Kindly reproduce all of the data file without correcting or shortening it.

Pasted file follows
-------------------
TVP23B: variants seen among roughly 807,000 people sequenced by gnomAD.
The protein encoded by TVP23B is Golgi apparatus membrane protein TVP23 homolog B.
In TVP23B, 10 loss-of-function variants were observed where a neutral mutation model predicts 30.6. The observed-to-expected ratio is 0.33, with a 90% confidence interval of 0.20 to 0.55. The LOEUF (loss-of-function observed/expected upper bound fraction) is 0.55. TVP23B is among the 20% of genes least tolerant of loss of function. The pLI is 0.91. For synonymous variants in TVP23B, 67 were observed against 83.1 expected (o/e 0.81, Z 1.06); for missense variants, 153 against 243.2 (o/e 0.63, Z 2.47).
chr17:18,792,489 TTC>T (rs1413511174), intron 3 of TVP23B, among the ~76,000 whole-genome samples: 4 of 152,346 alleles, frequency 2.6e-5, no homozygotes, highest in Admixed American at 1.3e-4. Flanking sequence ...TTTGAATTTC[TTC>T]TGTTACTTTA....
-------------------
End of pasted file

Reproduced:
TVP23B: variants seen among roughly 807,000 people sequenced by gnomAD.
The protein encoded by TVP23B is Golgi apparatus membrane protein TVP23 homolog B.
In TVP23B, 10 loss-of-function variants were observed where a neutral mutation model predicts 30.6. The observed-to-expected ratio is 0.33, with a 90% confidence interval of 0.20 to 0.55. The LOEUF (loss-of-function observed/expected upper bound fraction) is 0.55. TVP23B is among the 20% of genes least tolerant of loss of function. The pLI is 0.91. For synonymous variants in TVP23B, 67 were observed against 83.1 expected (o/e 0.81, Z 1.06); for missense variants, 153 against 243.2 (o/e 0.63, Z 2.47).
chr17:18,792,489 TTC>T (rs1413511174), intron 3 of TVP23B, among the ~76,000 whole-genome samples: 4 of 152,346 alleles, frequency 2.6e-5, no homozygotes, highest in Admixed American at 1.3e-4. Flanking sequence ...TTTGAATTTC[TTC>T]TGTTACTTTA....